like that's when we're at our best — when we're giving the runs opportunities, and sometimes it takes a while for the runs to open up and be impactful.
“There's obviously play-action passes that are married to those runs and they have an impact. … We were able to hit some of those throws down the field and change field position and create scoring opportunities.”
Now, as they prepare for the NFL's second-best run defense — Chicago is No. 1 — they know what they must do.
“It's similar to last week,” center Jason Kelce said. “They don't really have a weakness. … More than anything, they really play well together, they're wellcoached, they play hard, they play physical and they fly around and they play together, they play as one unit.
“So they do a lot of good things structurally, they do a lot of things from an effort standpoint. And whenever you combine those two things along with good players, you're going to have a good defense.”
Kelce is not a proponent of sticking with the run when it's not working, however.
“The better we've been able to run the ball, the better our offense has tended to fare,” he said, “but if the run is not working, if I'm the head coach, I'm not calling run plays anymore.”
The key for the Eagles in this rematch is not allowing themselves to get to this point, even though they have a quarterback now in Foles who has been much more successful recently than Wentz has ever been in games skewed by lopsided run-pass ratios.
The Eagles are just 2-10 when Wentz has been forced to throw 40 or more passes, including 0-2 this season.
By contrast, they are 3-1 in the same situation with Foles since his return to the Eagles in 2017, including his last two playoff games (25-for-40 vs. Chicago last week and 28-for-43 vs. New England in Super Bowl LII).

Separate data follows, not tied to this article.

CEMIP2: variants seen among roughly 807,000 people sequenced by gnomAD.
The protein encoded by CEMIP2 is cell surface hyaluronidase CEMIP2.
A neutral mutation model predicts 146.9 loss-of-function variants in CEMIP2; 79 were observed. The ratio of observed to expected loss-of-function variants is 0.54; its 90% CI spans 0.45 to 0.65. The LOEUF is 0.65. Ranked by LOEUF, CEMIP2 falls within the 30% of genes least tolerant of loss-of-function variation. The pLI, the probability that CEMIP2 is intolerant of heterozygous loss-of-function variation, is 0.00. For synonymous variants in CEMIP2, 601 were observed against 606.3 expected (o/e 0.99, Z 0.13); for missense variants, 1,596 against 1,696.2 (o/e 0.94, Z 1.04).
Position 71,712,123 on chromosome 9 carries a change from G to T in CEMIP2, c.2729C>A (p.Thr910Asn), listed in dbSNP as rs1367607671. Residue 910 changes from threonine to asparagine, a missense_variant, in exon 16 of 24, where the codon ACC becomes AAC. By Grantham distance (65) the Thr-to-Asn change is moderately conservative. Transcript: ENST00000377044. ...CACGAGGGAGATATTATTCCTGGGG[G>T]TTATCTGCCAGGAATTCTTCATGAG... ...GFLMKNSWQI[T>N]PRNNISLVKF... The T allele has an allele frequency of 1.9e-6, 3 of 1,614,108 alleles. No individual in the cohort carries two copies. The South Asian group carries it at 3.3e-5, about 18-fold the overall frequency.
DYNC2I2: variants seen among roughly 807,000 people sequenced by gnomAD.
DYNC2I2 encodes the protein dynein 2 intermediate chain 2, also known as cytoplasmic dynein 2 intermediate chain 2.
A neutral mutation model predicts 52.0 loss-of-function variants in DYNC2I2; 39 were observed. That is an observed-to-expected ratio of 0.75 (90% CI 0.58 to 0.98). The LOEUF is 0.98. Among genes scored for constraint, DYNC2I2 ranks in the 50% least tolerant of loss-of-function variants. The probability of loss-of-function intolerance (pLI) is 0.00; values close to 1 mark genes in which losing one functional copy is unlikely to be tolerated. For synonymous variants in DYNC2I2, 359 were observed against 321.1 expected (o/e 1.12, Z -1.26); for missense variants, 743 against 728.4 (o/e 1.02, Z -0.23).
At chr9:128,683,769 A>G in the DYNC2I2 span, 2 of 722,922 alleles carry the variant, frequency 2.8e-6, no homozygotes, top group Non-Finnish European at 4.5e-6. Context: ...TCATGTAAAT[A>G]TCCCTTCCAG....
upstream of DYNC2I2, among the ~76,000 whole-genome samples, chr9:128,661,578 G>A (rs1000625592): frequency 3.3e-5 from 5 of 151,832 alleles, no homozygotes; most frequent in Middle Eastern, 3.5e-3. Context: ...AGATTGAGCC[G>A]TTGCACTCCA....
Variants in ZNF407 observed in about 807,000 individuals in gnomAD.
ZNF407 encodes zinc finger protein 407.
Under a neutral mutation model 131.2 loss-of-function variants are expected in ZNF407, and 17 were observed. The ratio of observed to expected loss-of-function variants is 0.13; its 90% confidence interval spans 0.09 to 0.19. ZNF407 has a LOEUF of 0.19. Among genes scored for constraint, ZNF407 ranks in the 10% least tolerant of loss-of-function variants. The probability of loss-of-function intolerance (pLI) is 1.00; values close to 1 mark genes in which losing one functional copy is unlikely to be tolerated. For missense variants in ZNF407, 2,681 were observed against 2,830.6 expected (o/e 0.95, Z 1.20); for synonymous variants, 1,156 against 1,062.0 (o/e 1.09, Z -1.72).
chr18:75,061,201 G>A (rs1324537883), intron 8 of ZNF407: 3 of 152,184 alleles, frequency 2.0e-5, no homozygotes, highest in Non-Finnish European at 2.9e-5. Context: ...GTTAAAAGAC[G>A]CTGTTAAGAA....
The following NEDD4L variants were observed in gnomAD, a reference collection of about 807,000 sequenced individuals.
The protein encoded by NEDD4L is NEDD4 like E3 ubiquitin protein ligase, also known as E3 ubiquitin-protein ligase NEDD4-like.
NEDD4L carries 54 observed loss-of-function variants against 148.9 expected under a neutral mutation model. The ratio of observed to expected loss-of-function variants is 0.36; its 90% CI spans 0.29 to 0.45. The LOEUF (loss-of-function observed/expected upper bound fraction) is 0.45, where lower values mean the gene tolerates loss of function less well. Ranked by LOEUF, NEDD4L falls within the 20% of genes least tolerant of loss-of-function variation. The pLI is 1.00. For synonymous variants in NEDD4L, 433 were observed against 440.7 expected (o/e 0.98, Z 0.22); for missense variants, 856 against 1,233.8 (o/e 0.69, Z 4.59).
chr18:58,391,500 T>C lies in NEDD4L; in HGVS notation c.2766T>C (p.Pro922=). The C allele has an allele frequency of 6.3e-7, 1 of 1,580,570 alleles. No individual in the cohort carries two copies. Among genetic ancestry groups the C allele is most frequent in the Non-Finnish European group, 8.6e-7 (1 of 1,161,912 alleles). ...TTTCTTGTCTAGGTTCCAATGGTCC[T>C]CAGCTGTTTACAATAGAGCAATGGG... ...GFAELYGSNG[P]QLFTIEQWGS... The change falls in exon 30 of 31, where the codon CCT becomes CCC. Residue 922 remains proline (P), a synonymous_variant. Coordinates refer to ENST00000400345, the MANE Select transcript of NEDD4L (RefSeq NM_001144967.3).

Nevertheless, they'd prefer not to have to go there with any quarterback.
And who can blame them?
That's just not a preferred route, even in today's wide-open game.
That said, the Eagles are going to need a lot more than seven points to come away with a different outcome this time around.
A lot more.
They're probably going to have to win a track meet with less offensive firepower than the Saints, whose offense starts with the NFL's all-time leading passer, Drew Brees, and features a vast array of receivers and backs who complement him perfectly.
Pulling the strings on that operation is perhaps the finest play-caller of this era in coach Sean Payton.
Eagles defensive coordinator Jim Schwartz is just happy that the scoreboard has been reset as his newfangled unit, which has lost four starters, has adjusted to the shortages.
“When it's all said and done,” Schwartz said, “neither team is going to start this game with a lead and neither team is going to start with an advantage because of something that happened, it seems, like another season ago, at least to us. Each game is going to start out new and we're going to have to play good for 60 minutes in this game, not make up for anything that happened eight weeks ago and not get down about anything that happened.”
Since his return to the team in 2017, Eagles quarterback Nick Foles (9) is 3-1 in games where he has thrown more than 40 times, including his last two playoff games. He went 25-for-40 versus Chicago last week and 28-for-43 vs. New England in Super Bowl LII.